Probe Into International Weightlifting Federation Finds Corruption, Doping Cover-Up
Lead investigator Richard McLaren said the probe into the IWF's affairs under former president Tamas Ajan uncovered millions of dollars in missing money and 40 positive doping cases that had been hushed up.
Investigation into IWF found widespread corruption and doping cover-up
The report said Ajan had used a "tyranny of cash" to control the IWF
A total of $10.4 million remained missing, the report said
An investigation into the International Weightlifting Federation (IWF) found widespread corruption and dozens of covered-up drugs tests, officials said Thursday. Lead investigator Richard McLaren said the probe into the IWF's affairs under former president Tamas Ajan uncovered millions of dollars in missing money and 40 positive doping cases that had been hushed up. McLaren's report accused Ajan of an "autocratic, authoritarian" leadership style which had resulted in "dysfunctional, ineffective" oversight of the sport's governing body.
The report said Ajan had used a "tyranny of cash" to control the IWF during his decades-long reign, with the Hungarian boss directly pocketing doping fines and regularly withdrawing large sums from the organisation's coffers which remained unaccounted for.
"It is absolutely impossible to determine how much of the cash collected or withdrawn was used for legitimate expenses," an executive summary of the investigation reported.
A total of $10.4 million remained missing, the report said.
"Everyone was kept in financial ignorance through the use of hidden bank accounts," McLaren said. "Some cash was accounted for, some was not."
McLaren, who was also the lead investigator in the Russian drugs scandal in 2015, said the probe had also found 40 positive drugs cases buried in IWF records.
"This includes gold and silver medalists who have not had their samples dealt with," the report said.
"This information has been passed on to WADA for further investigation," it added citing a "culture of doping" that existed within weightlifting.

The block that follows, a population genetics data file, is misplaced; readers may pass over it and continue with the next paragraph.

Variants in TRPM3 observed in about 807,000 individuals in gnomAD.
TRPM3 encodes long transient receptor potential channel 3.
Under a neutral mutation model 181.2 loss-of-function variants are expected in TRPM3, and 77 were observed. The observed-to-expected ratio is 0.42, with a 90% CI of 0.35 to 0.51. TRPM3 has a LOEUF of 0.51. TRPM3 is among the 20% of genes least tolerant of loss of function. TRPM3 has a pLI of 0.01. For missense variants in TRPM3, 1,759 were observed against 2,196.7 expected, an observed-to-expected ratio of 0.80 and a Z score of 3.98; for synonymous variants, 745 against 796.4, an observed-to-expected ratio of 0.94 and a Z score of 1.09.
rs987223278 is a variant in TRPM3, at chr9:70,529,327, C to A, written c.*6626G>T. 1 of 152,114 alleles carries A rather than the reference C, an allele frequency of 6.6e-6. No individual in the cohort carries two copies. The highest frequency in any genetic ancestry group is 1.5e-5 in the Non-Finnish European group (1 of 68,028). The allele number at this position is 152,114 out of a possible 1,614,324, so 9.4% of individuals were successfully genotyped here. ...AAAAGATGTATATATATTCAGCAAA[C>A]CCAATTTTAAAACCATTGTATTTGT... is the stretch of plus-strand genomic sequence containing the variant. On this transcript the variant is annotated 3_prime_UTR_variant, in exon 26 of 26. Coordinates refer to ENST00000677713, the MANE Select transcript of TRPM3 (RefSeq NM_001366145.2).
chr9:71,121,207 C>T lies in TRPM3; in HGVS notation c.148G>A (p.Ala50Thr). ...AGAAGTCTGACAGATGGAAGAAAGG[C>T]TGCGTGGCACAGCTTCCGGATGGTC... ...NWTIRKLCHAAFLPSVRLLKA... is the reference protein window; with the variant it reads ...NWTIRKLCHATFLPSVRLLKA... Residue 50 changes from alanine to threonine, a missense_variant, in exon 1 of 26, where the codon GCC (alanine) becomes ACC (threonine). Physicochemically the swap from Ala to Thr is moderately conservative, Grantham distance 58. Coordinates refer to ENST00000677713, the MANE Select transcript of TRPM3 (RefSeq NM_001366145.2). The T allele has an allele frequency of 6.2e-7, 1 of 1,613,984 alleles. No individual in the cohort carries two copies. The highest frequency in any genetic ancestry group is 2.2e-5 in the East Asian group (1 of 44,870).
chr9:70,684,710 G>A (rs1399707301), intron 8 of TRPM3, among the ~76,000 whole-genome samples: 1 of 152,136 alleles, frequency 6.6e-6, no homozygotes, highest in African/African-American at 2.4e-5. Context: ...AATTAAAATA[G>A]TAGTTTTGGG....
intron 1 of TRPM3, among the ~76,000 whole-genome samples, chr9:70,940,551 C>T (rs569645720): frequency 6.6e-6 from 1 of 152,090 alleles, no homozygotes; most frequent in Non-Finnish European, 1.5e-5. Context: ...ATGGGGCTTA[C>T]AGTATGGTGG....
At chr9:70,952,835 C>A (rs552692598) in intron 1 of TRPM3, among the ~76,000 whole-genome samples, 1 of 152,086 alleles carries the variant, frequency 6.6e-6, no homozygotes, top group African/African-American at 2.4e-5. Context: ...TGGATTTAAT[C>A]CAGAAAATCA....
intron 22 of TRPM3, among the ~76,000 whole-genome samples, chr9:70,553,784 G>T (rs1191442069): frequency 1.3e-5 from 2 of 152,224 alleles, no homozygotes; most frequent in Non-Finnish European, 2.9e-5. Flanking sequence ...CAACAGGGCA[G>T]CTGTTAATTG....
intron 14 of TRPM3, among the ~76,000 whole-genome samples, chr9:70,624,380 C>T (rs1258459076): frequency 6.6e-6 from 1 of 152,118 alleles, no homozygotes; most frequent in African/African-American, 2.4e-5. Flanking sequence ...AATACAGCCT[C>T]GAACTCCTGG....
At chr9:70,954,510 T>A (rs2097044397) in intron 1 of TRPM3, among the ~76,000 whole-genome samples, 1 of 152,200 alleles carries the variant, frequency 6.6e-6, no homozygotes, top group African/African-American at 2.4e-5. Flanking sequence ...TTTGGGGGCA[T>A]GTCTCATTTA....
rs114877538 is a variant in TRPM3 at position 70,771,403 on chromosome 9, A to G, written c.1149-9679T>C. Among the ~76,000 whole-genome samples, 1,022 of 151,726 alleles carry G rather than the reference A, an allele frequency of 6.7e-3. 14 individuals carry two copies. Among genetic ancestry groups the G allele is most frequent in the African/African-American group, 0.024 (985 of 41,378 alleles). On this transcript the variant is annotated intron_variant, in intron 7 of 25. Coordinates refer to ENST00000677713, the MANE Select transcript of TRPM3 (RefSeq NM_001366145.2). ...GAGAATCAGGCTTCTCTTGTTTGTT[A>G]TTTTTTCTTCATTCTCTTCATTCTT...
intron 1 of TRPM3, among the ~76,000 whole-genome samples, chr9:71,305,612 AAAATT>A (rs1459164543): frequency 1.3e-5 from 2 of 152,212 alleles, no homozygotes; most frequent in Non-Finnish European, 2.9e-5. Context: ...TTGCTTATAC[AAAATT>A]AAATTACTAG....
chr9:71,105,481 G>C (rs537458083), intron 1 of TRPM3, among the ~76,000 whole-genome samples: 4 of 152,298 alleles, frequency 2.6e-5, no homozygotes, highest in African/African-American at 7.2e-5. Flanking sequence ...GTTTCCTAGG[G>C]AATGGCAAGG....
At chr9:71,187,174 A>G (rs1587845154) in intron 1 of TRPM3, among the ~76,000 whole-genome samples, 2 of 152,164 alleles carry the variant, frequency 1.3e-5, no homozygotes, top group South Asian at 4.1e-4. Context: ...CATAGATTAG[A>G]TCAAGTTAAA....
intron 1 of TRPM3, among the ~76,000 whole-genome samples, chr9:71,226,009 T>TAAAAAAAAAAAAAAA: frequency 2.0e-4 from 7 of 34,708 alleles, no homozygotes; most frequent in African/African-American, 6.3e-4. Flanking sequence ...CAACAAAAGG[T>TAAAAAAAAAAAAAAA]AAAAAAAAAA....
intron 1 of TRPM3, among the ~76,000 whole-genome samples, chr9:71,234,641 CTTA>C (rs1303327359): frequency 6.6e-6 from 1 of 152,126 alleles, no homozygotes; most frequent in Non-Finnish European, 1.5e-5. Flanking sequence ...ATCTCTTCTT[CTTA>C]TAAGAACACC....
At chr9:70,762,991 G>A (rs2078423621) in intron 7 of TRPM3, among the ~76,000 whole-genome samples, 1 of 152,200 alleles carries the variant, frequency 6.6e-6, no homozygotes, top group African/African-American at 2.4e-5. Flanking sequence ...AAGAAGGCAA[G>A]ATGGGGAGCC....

In addition to financial and doping irregularities, the McLaren report also uncovered corruption in the IWF's appointments process.
"The two most recent Electoral Congresses were rampant with vote buying for the President and senior level positions of the Executive Board," the report said.
The International Olympic Committee (IOC) described the findings of the McLaren investigation as "deeply concerning".
"The IOC will continue to support the efforts of the IWF and its interim president to fundamentally reform its governance and management," said an IOC statement.
United States Anti-Doping Agency chief Travis Tygart said the scandal highlighted the structural weakness of the World Anti-Doping Agency, where Ajan has served as a board member.
"It's time for real reform at WADA – reform that will once and for all remove the foxes from guarding the henhouse," Tygart said.
Ajan stepped down as chief of the IWF in April following allegations of corruption made in the documentary "Lord of the Lifters" broadcast by German outlet ARD earlier this year.
The documentary alleged a "culture of corruption" had been established in the Olympic sport with prominent weightlifters rarely subjected to drugs tests and cash being taken by doping controllers to accept manipulated urine samples.
Ajan, 81, who had been at the IWF since 1976 serving 24 years as general secretary and the past 20 as president, denied the allegations.
Ajan insisted he had been the victim of "an unjust attack" by ARD.
"This film has completely ruined my life and 50 years of my work. A large part of my work has been about doping prevention," he said.
However the McLaren report published Thursday painted a scathing portrait of Ajan's reign, saying the Hungarian official had honed his "authoritarian management techniques" during the Cold War era when Eastern Bloc countries dominated weightlifting.
The report said Ajan had retained a firm grip on the sport's member federations through "patronage, reward and punishment."
"Ajan ran the IWF as if it was his own personal fiefdom or private company over which he had absolute control," the report said, noting that he controlled all withdrawals and deposits into the federation's main bank account.
The report detailed a history of lax accounting practices, noting that up until 2009, the work of the IWF's internal audit committee (IAC) had been a sham.
"According to a confidential witness, the yearly 'audit' consisted of the IAC going to Budapest, collecting $100 or a bottle of whiskey and Ajan would say 'Here you are, here are the books. Sign them and we go to dinner,'" the report said.